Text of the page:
My friend, Harvard law professor Einer Elhauge, has an essay in the New Republic, If Health Insurance Mandates Are Unconstitutional, Why Did the Founding Fathers Back Them?, in which he breathlessly recycles the same two supposed precedents for economic mandates under the Commerce Clause that have been much discussed over the past two years. The first is the requirement that ship owners provide insurance for their sailors. While navigation laws such as this one were an exercise of the commerce power, it is a garden variety regulation of how commerce, in this case the activity of shipping, is to be conducted. To be subjected to this regulation, you first have to engage in the commercial activity of shipping, or what was called, “the carrying trade.” The fact that this particular regulation required ship owners to provide insurance does not distinguish it from, say, regulations providing for life preservers or life boats (which also have to be purchased!).
The second is the well-trod example of the Militia Act that requires persons to provide their own weapons. Of course, this was an exercise of Congress’s militia power, and the militia duty traditionally required members to provide their own weapons. Contrary to Elhauge’s characterization of this as a “purchase mandate,” guns could be gifts or borrowed or inherited. There was no requirement that they be purchased. Challengers to the mandate have never denied that Congress has the power to require persons to do things. I have long listed the draft, jury duty, the filing of a tax return, and service on a posse, as examples of fundamental duties of citizenship that are owed to the government in return to the protection it affords to citizens. This is all explained in my 2010 article, Commandeering the People: Why the Individual Insurance Mandate is Unconstitutional. But just because the federal government has the power to make you fight and die for your country does not entail that it has the totalitarian power to make you do anything less than this.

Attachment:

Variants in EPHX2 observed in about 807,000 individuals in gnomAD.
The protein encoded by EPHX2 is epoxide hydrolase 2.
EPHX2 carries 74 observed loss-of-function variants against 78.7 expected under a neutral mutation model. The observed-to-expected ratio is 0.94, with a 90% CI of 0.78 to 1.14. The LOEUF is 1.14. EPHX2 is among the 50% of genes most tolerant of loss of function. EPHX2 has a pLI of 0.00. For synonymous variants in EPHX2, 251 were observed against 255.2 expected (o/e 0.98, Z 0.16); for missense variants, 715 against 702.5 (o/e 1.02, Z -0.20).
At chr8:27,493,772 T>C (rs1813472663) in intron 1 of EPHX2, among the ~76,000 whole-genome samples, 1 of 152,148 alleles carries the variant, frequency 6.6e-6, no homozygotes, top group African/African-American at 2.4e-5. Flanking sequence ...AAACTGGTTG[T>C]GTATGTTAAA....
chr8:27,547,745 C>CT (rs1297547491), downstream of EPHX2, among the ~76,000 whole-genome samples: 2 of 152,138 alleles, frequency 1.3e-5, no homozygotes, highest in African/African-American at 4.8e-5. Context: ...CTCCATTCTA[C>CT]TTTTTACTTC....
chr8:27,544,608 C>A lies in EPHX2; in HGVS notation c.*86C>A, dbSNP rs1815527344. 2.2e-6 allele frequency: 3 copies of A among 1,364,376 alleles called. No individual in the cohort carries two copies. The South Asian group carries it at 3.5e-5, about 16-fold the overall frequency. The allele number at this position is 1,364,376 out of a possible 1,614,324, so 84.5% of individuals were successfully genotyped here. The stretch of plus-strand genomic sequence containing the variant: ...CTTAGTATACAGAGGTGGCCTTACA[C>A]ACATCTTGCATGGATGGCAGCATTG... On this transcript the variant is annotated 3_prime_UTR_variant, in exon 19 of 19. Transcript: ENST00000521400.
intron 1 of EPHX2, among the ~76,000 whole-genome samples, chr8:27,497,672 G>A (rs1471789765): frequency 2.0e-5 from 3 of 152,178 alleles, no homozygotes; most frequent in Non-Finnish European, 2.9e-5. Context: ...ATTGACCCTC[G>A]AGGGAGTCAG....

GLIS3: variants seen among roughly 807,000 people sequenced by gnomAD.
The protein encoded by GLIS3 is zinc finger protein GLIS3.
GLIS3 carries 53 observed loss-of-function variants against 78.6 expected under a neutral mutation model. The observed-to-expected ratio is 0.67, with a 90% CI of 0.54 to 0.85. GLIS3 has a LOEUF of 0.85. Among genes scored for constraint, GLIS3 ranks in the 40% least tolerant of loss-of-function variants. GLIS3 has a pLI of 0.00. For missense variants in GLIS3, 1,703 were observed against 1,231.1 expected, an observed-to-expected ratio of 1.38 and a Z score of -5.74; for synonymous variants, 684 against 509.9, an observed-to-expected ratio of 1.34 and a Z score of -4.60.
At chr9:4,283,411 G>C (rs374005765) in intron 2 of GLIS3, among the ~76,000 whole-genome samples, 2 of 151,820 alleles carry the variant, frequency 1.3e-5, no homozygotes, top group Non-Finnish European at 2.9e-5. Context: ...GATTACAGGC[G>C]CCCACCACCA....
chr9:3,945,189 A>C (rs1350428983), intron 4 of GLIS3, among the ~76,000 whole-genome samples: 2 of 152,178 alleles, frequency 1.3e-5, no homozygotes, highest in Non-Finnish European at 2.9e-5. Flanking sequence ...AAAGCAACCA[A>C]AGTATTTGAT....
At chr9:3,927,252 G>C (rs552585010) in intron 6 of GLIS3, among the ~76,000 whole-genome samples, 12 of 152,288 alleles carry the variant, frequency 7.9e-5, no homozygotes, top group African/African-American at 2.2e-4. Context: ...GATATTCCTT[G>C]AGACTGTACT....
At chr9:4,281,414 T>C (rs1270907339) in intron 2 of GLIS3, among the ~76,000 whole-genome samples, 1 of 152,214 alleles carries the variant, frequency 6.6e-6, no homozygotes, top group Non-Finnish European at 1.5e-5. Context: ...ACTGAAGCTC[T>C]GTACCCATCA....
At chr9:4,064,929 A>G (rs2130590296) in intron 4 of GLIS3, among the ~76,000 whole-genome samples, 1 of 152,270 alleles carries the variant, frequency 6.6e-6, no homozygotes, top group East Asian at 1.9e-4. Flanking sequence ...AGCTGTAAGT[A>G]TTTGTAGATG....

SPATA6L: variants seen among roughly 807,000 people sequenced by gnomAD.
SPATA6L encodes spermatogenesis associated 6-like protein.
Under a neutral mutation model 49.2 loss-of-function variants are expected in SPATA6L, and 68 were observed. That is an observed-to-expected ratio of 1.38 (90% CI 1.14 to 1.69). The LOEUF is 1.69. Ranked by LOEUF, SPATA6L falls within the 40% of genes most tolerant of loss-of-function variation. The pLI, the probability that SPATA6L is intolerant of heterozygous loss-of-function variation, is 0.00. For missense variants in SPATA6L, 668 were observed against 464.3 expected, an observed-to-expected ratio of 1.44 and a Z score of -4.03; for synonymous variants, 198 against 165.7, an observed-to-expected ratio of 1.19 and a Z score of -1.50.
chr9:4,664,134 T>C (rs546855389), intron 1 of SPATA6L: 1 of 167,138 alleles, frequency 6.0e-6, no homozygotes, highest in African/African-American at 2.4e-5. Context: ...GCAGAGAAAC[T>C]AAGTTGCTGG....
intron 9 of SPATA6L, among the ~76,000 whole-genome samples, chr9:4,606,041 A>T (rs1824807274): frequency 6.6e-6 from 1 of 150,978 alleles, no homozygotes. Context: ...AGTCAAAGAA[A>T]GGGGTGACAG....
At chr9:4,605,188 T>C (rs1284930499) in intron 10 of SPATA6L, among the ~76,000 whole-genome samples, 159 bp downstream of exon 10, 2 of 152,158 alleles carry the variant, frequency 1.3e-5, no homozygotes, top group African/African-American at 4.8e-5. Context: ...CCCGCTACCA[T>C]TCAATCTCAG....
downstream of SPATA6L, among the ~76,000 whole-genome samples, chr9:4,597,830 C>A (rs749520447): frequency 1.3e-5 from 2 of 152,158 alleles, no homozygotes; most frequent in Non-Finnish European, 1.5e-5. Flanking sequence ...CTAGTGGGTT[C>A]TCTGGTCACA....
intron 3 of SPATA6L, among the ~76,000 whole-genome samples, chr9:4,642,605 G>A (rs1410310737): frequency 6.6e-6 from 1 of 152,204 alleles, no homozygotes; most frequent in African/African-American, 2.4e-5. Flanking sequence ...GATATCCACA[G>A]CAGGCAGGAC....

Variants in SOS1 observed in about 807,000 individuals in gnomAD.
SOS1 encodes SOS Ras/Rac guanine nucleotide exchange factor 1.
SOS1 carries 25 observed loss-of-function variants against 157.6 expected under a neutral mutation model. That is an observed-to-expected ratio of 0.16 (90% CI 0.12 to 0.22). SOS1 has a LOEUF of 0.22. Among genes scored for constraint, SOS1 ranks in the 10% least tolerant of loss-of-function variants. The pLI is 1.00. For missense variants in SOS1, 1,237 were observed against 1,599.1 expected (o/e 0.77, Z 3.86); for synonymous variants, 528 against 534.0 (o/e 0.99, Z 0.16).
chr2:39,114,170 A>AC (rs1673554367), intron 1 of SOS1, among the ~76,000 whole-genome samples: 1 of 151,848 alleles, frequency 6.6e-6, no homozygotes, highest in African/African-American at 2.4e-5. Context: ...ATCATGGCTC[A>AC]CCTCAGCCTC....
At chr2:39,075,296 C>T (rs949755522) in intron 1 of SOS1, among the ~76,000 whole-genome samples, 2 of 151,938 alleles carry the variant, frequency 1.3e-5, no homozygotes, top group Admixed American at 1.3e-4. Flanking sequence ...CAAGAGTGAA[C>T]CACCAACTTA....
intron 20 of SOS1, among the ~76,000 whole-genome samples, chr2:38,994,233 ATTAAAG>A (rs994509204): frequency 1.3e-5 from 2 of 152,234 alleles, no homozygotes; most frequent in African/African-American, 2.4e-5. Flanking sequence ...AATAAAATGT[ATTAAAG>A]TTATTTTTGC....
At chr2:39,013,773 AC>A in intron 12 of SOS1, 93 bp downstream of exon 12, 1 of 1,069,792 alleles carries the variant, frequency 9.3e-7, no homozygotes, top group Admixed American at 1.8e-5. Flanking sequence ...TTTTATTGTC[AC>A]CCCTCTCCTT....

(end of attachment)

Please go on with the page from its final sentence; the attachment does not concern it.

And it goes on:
Every court that has considered the constitutionality of the insurance mandate, including those judges that upheld its constitutionality, have concluded that this mandate is unprecedented. The fact that these two examples have been so well discussed, debunked, and rejected explains why the Solicitor General cited neither in his oral argument when Justice Kennedy characterized this Commerce Clause mandate as unprecedented. Indeed, the fact that, over two years into this debate, these are the only supposed examples of such mandates on offer by defenders of the Affordable Care Act strongly supports, rather than detracts from, the claim that such mandates are unprecedented. One reason why supporters of the mandate were so surprised by the apparent skepticism of some of the Justices towards this claim of Congressional power may simply be that they are not all that familiar with the constitutional arguments that have actually been made by the challengers in their briefs or the analysis presented in the opinions of lower court judges.
[Update with Einer's reply moved to separate post above.]